• The database itself is designed for centralized and constant information input. Because the information fields of the database are mapped or linked to a particular PID, accessibility of a subscriber's information is unaffected by changes of name (such as might occur by marriage), changes of address, telephone number, etc. Appropriate, accurate contact information can always be retrieved form the database, and access to the database itself, at least insofar as unrestricted information content is concerned, is preferably universal.
  • As noted, some items of information may be restricted by the subscriber and not made available in response to general inquiries. In cases like this, a passcode must be provided by the requester in order to enable access to this restricted information. However, most subscribers would prefer that contact information in the form of address, telephone number, e-mail address, etc., be accessible to all requesters without the need for entering a particular security code. Since multiple contact addresses are stored within the database, the system may be used to send any information to the subscriber identified by his PID. Ideally, anyone who knows the subscriber's PID should be able to send e-mail messages, conventional mail, telephone calls, FAXes, etc.
  • In fact, as illustrated in FIG. 2, a system user merely supplies the PID of the intended recipient, along with the message traffic, to compel the system to extract the appropriate contact address for the selected medium of transmission. For a facsimile message 202, the sender need only provide the PID to the distribution system 201 along with the text of his FAX message, and the system 201 automatically extracts the FAX number 203 based upon the context of the request: in this case, a FAX transmission 202. Similarly, the system 201 will extract a telephone number 205 after determining that the context of the information request is a telephone call 204. The telephone message 204 could be a digitized voice message for forwarding, or simply a request from a telephone dialer. As long as the system 201 understands the context of the request the correct information will be retrieved.
  • Perhaps the most common type of request anticipated for the system 201 to handle is the submission of e-mail traffic 206. In response to the submission of e-mail message traffic in conjunction with the intended recipient's PID, the system 201 will retrieve the e-mail address 207 of the individual, group, or other entity designated by the PID. If the message traffic 208 is destined for the web, the system will retrieve the URL (Uniform Resource Locator) or IP (Internet Protocol) address 209 associated with the PID. The same, of course, is true for conventional mail messages 210. When the system user submits a mail message 210 along with the PID, the system 201 retrieves the postal address 211 based upon the context (conventional mail) of the request. The feature could be used to print labels for mass mailings, for example, just as easily as it can be employed for a single mailing.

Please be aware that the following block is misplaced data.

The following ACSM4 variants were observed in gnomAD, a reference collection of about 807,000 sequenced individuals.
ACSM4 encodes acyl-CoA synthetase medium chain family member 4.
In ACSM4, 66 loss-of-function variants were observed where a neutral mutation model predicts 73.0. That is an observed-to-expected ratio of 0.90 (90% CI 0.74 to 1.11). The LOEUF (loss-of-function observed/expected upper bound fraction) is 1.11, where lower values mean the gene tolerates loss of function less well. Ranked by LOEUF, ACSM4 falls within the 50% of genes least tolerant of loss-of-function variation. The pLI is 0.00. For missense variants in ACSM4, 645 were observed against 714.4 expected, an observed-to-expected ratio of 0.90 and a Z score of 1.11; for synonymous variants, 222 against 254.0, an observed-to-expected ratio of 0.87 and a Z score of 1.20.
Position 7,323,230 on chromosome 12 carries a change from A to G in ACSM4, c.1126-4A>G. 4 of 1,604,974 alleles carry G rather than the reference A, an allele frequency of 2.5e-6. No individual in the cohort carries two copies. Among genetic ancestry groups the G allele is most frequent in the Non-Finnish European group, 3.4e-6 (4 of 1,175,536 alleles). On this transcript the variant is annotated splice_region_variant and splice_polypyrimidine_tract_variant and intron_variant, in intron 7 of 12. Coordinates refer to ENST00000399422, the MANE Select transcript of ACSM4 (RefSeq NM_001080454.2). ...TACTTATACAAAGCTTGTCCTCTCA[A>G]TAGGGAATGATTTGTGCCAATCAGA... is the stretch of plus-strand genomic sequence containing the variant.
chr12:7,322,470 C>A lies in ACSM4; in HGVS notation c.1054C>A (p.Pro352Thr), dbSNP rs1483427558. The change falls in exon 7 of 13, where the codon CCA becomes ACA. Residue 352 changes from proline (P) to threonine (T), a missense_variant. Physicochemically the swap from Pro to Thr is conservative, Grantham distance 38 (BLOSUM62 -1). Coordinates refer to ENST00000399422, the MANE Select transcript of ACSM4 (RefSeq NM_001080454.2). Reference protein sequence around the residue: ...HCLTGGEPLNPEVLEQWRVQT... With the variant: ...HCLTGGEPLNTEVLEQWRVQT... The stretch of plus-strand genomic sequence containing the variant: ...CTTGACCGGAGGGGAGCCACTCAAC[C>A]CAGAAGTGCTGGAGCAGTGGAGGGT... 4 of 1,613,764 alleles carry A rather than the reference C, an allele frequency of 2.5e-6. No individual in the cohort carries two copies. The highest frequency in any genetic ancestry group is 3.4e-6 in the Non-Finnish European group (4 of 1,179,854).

• The system in accordance with the present invention may also be used to simplify telephone access. Rather than having to carry an address book with a myriad of contact details for a large number of persons, an individual would simply need to know the PIDs for his or her frequent contacts. By dialing an access number (or perhaps just a prefix string) the user would key in the called party's PID through the telephone keypad. The exchange is then connected to the PID service/database, which translates to the telephone number of the called party and completes the call. The PID designates the number to translate.
  • There are a number of ways in which the system in accordance with the present invention may be integrated with the conventional address book. First, one may periodically download updates from the system (pidserver, it may be termed), with no context sensitivity. Or, for e-mail messages, one could simply address messages as PID@pidserver.com and have the system extract the proper destination address. Of course, if the subscriber regards his e-mail address as sensitive information, it may be necessary to supply a passcode. This could be done in the following format: PIDpassword@pidserver.com. Of course, as noted previously, a separate PID field may be created (with an accommodation for a passcode, if necessary), and this format may be used for e-mail. Address book interface with a general purpose e-mail system is the same.